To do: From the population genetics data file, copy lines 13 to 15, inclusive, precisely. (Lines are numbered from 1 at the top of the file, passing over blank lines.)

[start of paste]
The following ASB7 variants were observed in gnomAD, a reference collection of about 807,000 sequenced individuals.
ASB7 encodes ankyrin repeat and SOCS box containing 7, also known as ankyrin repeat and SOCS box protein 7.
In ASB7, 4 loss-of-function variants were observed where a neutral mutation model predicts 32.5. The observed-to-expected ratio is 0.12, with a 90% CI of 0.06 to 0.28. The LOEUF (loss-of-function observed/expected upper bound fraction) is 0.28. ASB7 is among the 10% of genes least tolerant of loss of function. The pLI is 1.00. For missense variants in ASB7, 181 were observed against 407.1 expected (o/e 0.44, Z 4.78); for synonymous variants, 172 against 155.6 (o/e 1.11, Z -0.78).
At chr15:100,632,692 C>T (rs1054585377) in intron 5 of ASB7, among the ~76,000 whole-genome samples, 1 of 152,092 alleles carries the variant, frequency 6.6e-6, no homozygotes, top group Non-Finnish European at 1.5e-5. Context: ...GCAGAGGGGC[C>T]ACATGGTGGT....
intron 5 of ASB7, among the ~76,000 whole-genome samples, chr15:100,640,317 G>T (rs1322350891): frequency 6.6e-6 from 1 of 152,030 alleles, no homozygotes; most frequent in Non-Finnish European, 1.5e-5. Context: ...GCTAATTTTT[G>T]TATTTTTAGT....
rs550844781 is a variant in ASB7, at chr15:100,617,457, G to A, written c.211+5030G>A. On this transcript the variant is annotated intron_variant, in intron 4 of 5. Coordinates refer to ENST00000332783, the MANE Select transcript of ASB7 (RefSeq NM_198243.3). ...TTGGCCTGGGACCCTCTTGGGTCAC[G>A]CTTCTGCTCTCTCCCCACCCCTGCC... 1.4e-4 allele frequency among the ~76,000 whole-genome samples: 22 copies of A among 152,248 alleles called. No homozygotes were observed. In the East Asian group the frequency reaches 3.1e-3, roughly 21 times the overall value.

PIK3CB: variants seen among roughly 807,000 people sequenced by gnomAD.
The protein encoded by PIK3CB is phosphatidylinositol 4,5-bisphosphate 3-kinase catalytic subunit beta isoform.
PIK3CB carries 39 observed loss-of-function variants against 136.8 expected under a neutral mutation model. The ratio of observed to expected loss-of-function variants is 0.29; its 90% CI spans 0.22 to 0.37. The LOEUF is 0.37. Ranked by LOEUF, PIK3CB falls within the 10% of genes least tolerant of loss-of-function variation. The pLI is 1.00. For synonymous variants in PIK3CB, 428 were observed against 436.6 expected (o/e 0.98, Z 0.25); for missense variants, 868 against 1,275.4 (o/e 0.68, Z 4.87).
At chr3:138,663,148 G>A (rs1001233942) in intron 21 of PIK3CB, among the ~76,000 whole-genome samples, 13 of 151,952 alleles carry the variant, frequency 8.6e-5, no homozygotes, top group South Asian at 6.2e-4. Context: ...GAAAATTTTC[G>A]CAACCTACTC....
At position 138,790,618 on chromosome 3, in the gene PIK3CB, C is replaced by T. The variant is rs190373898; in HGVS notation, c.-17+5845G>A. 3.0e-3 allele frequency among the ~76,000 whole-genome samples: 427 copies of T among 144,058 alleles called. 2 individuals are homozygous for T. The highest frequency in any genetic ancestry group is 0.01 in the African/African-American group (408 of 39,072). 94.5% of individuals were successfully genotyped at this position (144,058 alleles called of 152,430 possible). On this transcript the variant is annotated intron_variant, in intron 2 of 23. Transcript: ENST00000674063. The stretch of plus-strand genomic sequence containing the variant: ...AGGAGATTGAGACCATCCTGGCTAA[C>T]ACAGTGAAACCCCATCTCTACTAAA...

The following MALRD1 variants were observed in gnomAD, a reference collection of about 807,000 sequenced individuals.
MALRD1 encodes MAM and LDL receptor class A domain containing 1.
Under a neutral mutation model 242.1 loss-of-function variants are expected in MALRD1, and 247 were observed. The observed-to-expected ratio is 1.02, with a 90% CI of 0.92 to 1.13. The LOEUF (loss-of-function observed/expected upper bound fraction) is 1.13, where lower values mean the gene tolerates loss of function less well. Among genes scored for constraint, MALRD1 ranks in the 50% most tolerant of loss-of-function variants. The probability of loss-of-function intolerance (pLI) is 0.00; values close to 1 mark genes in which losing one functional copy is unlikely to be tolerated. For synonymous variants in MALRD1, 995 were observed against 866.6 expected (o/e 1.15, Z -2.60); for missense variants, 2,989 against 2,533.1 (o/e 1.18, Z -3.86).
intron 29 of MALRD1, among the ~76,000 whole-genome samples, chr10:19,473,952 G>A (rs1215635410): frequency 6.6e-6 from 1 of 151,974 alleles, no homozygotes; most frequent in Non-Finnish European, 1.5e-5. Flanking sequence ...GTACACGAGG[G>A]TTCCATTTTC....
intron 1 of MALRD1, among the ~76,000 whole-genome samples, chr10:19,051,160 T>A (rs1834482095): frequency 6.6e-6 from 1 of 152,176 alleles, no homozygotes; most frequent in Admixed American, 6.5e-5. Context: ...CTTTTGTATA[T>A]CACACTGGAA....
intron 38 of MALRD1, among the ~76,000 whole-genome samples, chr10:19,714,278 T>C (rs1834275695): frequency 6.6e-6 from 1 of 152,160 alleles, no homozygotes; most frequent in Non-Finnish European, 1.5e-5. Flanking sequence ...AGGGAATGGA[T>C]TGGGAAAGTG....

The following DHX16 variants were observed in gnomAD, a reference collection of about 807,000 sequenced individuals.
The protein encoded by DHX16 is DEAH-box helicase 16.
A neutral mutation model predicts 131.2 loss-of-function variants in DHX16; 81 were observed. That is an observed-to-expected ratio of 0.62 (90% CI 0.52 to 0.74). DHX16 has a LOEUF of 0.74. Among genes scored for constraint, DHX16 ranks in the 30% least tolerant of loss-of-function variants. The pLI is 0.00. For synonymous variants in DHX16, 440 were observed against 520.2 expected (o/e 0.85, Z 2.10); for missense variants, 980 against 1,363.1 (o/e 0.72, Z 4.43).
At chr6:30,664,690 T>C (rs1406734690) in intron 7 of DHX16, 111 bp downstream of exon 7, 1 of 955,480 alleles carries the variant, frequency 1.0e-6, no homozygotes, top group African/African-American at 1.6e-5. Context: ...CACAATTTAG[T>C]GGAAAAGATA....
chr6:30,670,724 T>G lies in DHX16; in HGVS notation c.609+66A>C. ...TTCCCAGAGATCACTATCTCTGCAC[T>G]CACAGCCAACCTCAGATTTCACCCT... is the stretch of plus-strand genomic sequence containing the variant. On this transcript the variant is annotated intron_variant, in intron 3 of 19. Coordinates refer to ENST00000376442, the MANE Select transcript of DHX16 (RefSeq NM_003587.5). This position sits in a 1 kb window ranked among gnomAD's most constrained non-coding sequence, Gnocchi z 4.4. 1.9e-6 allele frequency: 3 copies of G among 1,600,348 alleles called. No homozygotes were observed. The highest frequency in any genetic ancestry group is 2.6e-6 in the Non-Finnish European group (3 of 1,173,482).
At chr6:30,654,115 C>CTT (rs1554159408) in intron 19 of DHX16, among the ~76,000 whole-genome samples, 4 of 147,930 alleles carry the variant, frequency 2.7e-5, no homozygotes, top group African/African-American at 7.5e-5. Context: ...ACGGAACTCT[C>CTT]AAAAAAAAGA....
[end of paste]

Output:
MALRD1 encodes MAM and LDL receptor class A domain containing 1.
Under a neutral mutation model 242.1 loss-of-function variants are expected in MALRD1, and 247 were observed. The observed-to-expected ratio is 1.02, with a 90% CI of 0.92 to 1.13. The LOEUF (loss-of-function observed/expected upper bound fraction) is 1.13, where lower values mean the gene tolerates loss of function less well. Among genes scored for constraint, MALRD1 ranks in the 50% most tolerant of loss-of-function variants. The probability of loss-of-function intolerance (pLI) is 0.00; values close to 1 mark genes in which losing one functional copy is unlikely to be tolerated. For synonymous variants in MALRD1, 995 were observed against 866.6 expected (o/e 1.15, Z -2.60); for missense variants, 2,989 against 2,533.1 (o/e 1.18, Z -3.86).
intron 29 of MALRD1, among the ~76,000 whole-genome samples, chr10:19,473,952 G>A (rs1215635410): frequency 6.6e-6 from 1 of 151,974 alleles, no homozygotes; most frequent in Non-Finnish European, 1.5e-5. Flanking sequence ...GTACACGAGG[G>A]TTCCATTTTC....